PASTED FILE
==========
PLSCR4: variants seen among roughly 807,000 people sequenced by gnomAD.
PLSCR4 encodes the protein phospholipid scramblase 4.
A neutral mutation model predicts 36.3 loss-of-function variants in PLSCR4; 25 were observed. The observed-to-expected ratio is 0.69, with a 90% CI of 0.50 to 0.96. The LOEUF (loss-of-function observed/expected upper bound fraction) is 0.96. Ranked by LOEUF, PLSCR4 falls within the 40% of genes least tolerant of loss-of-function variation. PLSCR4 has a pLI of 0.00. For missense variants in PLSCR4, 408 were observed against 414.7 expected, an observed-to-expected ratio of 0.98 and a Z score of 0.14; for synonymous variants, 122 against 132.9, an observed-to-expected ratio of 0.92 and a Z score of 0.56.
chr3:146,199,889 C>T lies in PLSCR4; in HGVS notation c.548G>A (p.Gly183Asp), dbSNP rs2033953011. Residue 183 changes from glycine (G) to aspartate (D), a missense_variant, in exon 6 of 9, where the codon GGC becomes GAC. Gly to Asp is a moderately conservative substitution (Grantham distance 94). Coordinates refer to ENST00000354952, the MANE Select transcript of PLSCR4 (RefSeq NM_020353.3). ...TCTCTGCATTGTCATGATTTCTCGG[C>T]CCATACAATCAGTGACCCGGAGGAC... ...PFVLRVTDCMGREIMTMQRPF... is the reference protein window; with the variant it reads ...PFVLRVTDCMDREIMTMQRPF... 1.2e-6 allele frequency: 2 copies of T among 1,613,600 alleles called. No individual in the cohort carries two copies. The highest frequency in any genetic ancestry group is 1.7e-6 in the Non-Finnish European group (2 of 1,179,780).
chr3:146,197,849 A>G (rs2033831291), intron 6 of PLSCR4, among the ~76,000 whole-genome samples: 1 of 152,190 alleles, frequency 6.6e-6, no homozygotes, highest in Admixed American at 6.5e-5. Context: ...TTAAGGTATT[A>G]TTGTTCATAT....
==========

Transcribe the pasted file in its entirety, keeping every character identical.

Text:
PLSCR4: variants seen among roughly 807,000 people sequenced by gnomAD.
PLSCR4 encodes the protein phospholipid scramblase 4.
A neutral mutation model predicts 36.3 loss-of-function variants in PLSCR4; 25 were observed. The observed-to-expected ratio is 0.69, with a 90% CI of 0.50 to 0.96. The LOEUF (loss-of-function observed/expected upper bound fraction) is 0.96. Ranked by LOEUF, PLSCR4 falls within the 40% of genes least tolerant of loss-of-function variation. PLSCR4 has a pLI of 0.00. For missense variants in PLSCR4, 408 were observed against 414.7 expected, an observed-to-expected ratio of 0.98 and a Z score of 0.14; for synonymous variants, 122 against 132.9, an observed-to-expected ratio of 0.92 and a Z score of 0.56.
chr3:146,199,889 C>T lies in PLSCR4; in HGVS notation c.548G>A (p.Gly183Asp), dbSNP rs2033953011. Residue 183 changes from glycine (G) to aspartate (D), a missense_variant, in exon 6 of 9, where the codon GGC becomes GAC. Gly to Asp is a moderately conservative substitution (Grantham distance 94). Coordinates refer to ENST00000354952, the MANE Select transcript of PLSCR4 (RefSeq NM_020353.3). ...TCTCTGCATTGTCATGATTTCTCGG[C>T]CCATACAATCAGTGACCCGGAGGAC... ...PFVLRVTDCMGREIMTMQRPF... is the reference protein window; with the variant it reads ...PFVLRVTDCMDREIMTMQRPF... 1.2e-6 allele frequency: 2 copies of T among 1,613,600 alleles called. No individual in the cohort carries two copies. The highest frequency in any genetic ancestry group is 1.7e-6 in the Non-Finnish European group (2 of 1,179,780).
chr3:146,197,849 A>G (rs2033831291), intron 6 of PLSCR4, among the ~76,000 whole-genome samples: 1 of 152,190 alleles, frequency 6.6e-6, no homozygotes, highest in Admixed American at 6.5e-5. Context: ...TTAAGGTATT[A>G]TTGTTCATAT....